One thing Attard is sticking to is her dedication to a ritualistic process – building on a method which she describes as her personal pursuit of a perfection that cannot be attained. "I am not sure if my meticulous process is an antidote to what I view as the glitz and glam of the art world today," Attard admits. "For me my process and work is just what I do and who I am. But I do have opinions about the art world, and my reaction to it is to produce really good work. If the work is good, and by good I mean authentic, it will do its job. And by doing its job, I mean it will speak to its viewers".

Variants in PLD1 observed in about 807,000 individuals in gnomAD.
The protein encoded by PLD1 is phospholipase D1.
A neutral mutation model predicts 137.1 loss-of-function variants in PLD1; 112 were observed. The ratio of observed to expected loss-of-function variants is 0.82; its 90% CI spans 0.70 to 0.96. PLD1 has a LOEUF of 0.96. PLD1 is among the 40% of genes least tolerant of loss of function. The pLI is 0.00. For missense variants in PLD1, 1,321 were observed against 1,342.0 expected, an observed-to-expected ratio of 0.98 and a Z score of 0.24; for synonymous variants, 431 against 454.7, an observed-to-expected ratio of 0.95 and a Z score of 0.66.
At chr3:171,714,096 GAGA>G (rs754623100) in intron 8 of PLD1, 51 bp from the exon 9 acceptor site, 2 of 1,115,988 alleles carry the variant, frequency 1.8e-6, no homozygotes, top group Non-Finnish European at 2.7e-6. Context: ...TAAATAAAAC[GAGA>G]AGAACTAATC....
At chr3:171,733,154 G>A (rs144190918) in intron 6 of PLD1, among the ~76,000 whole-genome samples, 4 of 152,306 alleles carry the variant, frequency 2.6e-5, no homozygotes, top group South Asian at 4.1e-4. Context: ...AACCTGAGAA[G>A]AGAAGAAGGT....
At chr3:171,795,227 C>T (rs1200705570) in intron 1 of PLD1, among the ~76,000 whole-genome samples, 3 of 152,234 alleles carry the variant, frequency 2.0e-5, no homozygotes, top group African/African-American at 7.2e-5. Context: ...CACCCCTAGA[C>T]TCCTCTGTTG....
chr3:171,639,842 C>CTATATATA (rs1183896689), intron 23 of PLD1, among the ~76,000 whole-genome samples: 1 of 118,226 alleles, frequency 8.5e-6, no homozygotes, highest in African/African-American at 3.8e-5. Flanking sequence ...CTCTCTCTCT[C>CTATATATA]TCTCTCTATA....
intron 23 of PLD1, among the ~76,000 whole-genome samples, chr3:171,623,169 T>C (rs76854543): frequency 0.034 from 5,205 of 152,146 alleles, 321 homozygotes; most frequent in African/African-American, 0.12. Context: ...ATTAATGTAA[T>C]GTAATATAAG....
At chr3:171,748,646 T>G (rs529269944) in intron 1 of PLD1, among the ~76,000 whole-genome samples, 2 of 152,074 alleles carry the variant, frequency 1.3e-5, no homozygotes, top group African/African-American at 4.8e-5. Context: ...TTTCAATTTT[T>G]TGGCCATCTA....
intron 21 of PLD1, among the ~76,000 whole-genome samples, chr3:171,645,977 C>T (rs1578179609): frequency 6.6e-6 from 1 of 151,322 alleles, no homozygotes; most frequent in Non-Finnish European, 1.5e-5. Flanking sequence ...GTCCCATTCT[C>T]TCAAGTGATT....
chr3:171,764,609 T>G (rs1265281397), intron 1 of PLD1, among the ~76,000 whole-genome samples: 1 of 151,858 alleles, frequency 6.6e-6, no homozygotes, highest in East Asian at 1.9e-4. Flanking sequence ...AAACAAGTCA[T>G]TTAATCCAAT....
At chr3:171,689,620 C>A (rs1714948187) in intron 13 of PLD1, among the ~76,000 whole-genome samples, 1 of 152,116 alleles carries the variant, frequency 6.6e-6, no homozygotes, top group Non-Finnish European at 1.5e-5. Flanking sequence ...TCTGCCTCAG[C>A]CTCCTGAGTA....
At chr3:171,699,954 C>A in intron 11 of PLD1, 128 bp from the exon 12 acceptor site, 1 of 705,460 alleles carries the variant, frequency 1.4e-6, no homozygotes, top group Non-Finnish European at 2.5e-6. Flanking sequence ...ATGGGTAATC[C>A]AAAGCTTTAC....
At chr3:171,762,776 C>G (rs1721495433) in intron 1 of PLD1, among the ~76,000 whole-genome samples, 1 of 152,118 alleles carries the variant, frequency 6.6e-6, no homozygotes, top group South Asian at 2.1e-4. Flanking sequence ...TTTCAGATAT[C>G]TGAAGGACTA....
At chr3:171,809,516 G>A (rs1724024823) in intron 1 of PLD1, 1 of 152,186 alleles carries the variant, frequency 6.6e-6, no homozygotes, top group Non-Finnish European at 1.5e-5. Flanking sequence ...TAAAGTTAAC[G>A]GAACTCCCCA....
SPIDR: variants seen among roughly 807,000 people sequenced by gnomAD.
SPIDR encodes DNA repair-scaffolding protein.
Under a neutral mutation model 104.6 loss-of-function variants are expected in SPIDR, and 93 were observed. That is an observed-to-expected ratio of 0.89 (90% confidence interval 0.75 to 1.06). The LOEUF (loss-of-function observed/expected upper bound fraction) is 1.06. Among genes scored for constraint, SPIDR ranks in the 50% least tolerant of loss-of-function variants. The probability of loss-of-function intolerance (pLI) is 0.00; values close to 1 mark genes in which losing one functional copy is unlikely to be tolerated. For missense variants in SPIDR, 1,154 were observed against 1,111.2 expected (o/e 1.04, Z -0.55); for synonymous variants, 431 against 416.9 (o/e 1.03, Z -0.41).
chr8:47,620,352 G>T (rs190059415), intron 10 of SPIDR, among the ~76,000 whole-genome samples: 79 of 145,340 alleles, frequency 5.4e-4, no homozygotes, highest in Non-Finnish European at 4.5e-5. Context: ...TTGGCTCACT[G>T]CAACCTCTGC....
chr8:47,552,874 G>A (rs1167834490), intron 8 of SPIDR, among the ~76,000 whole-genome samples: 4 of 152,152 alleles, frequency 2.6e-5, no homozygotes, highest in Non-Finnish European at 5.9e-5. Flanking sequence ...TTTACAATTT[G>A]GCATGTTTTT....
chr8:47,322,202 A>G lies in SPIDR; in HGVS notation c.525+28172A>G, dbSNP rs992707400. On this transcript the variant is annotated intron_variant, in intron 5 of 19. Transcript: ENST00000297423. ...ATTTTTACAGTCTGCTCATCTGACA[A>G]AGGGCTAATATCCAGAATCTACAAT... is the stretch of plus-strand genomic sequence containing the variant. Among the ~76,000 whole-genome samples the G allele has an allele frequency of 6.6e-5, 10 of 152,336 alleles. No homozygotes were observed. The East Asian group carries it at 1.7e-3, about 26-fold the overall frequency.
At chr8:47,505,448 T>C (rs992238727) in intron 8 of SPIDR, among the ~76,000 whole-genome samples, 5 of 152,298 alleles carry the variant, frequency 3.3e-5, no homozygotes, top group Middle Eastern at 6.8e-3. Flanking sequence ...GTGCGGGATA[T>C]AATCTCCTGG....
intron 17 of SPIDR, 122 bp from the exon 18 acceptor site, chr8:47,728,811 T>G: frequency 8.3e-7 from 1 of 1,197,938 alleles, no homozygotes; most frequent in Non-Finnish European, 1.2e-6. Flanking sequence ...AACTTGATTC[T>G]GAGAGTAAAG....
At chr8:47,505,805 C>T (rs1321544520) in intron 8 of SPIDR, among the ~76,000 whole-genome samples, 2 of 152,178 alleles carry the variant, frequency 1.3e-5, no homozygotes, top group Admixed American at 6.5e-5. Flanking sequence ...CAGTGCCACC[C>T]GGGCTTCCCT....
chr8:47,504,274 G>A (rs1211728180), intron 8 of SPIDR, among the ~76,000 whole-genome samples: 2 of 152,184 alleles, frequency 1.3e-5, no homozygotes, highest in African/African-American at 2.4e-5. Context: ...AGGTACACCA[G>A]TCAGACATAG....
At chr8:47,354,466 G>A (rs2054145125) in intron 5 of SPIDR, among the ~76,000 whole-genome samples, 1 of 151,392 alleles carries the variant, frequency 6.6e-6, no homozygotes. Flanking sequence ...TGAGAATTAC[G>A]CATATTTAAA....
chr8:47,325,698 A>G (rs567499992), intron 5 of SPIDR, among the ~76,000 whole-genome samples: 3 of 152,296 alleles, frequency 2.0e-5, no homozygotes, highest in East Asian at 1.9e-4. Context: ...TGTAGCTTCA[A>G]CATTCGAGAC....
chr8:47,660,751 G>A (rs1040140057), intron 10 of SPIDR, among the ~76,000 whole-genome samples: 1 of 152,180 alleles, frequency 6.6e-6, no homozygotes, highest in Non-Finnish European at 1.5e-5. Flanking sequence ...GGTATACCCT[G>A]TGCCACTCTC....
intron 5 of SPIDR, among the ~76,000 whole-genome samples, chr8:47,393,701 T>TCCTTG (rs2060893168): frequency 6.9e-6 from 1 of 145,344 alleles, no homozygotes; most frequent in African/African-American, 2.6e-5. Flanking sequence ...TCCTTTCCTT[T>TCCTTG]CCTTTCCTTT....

As for whether she feels unsteadied by the intense influx of media and art production around her when she does pry herself away from her routine-driven art-making – not really. She does, however, question the value of it all. "I am aware how lucky I am that I live in a time when the art world is so vibrant and so important," Attard says. "But I often wonder, during visits to exhibitions and while browsing online to see what’s on – is it art I am looking at or is it just a spectacle? Is it nothing more than pure entertainment?". Seeing as some of the world's most important artists – Andy Warhol, Jeff Koons, Grayson Perry, Damien Hirst, Takashi Murakami – have toyed, directly or indirectly, with this very same interrogation, it would seem beneficial to Attard to keep wondering.